61 Lexington Ave., New York, NY, 10010
nr. 25th St.
By heroldra on 3/29/2009
I went to Baoguette at 10:30 and was told they opened at 11:00am. No one knew of the 8am listing here and on other sites. Returned a few minutes after 11am and was asked to "give us another 10-15 minutes and come back then." So instead I had a lovely breakfast at nearby Saravanna vegetarian. Still hoping to try Baoguette sometime. NOTE: This site forced me to give an overall rating so I chose poor because they were unable to take an order even when they said they opened.
By Choodie on 12/22/2009
I've been eating these sandwiches for about 15 years now since I was living in So Cal. I came in for a classic but left with a classic and bbq chicken because they have a $10 min for $5-7 sandwiches. The BBQ chicken was pretty horrible theres this weird sauce that they put in it. Traditionally theres no sauce, its pate, baguette, sweet/sour pickled veggies, chilis, and your choice of filling. The BBQ chicken may be something their trying to do, to be original but in my opinion it sucks and I'd rather get bitten by a aids infected monkey than have another one. The classic contains BBQ Pork and cold cuts, its pretty good probably because I didn't taste any of that nasty sauce they put in the BBQ chicken. I really have nothing bad to say about it its just tasty.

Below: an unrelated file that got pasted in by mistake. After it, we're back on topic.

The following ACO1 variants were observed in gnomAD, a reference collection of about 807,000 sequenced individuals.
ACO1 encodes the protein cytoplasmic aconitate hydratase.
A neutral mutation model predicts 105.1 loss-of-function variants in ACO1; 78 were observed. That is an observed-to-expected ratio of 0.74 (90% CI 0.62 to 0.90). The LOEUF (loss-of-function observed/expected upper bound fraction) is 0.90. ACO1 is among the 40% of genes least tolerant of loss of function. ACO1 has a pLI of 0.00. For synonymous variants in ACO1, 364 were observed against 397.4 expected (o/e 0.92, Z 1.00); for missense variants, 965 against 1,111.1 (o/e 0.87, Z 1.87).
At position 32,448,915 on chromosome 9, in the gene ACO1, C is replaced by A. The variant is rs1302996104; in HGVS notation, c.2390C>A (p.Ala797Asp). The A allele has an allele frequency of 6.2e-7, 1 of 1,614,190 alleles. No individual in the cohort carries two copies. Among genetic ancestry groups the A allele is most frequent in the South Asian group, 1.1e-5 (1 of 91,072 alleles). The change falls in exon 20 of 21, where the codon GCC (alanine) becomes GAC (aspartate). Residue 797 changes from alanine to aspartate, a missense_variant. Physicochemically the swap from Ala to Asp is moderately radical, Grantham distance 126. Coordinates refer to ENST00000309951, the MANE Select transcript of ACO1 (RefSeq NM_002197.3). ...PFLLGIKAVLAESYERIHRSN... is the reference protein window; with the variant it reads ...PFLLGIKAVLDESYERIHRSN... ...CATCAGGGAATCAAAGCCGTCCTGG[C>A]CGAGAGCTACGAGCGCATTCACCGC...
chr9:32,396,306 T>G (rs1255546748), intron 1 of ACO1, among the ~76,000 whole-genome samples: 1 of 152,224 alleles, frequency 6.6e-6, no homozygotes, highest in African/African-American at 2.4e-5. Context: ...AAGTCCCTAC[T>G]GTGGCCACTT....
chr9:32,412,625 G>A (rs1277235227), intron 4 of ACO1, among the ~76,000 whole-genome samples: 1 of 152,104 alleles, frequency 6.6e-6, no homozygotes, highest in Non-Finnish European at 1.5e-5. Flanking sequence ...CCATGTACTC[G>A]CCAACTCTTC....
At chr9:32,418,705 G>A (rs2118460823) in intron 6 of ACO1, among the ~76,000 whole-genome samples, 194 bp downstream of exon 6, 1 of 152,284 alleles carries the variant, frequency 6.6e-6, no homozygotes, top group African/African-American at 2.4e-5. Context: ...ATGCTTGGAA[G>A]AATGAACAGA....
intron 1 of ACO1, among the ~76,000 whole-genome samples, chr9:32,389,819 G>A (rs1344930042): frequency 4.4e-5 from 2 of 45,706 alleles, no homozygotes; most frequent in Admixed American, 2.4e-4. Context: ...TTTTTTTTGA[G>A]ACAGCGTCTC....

By australianfoodlover on 7/7/2010
Food was really not that special. Their sandwiches are a travesty to the ones you get in Vietnam, and the place is overpriced. The redeeming thing about our meal was the papaya salad. However in saying all this, they did have fresh produce, but it was not authentic at all.
By Meglion on 3/31/2009
I discovered Banh mi sandwiches about 7 years ago and they were a revelation: crunchy and soft; sweet, spicy, and savory; cold and warm all in one glorious bite. Baoguette's version is fine if you're in the Curry Hill area and you've a hankering, but it doesn't hold a candle to those served at Banh Mi So 1 on Broome or Saigon Banh Mi on Elizabeth. To my knowledge, Banh Mi is served on a hero roll made partly with rice flour, which gives it a fluffy, airy lightness. Baoguette's bread did not have this special texture - it seemed to have the density of a typical baguette. The meats were fine combined with everything else but not very tasty individually (I kind of deconstructed the sandwich as I ate). On a positive side, the sandwich was generous in size and contained lots of fresh cilantro. Baoguette has a sandwich titled the "Sloppy Bao" that I'd return to try - beef in green curry and some other interesting ingredients - but I'll do my best from here on in to get my banh mi fix further downtown.